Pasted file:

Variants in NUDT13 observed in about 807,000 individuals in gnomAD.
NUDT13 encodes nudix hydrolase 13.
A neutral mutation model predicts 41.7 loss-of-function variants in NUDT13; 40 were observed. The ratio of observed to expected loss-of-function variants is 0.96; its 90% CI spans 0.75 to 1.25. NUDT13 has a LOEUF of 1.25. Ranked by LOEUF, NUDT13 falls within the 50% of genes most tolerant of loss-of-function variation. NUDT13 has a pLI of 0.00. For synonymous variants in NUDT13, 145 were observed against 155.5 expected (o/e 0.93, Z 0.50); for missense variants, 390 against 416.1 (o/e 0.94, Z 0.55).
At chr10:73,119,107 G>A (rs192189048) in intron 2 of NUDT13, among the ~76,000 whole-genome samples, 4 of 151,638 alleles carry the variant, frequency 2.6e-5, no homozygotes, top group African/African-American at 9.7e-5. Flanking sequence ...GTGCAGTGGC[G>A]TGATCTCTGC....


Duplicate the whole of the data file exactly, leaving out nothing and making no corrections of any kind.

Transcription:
Variants in NUDT13 observed in about 807,000 individuals in gnomAD.
NUDT13 encodes nudix hydrolase 13.
A neutral mutation model predicts 41.7 loss-of-function variants in NUDT13; 40 were observed. The ratio of observed to expected loss-of-function variants is 0.96; its 90% CI spans 0.75 to 1.25. NUDT13 has a LOEUF of 1.25. Ranked by LOEUF, NUDT13 falls within the 50% of genes most tolerant of loss-of-function variation. NUDT13 has a pLI of 0.00. For synonymous variants in NUDT13, 145 were observed against 155.5 expected (o/e 0.93, Z 0.50); for missense variants, 390 against 416.1 (o/e 0.94, Z 0.55).
At chr10:73,119,107 G>A (rs192189048) in intron 2 of NUDT13, among the ~76,000 whole-genome samples, 4 of 151,638 alleles carry the variant, frequency 2.6e-5, no homozygotes, top group African/African-American at 9.7e-5. Flanking sequence ...GTGCAGTGGC[G>A]TGATCTCTGC....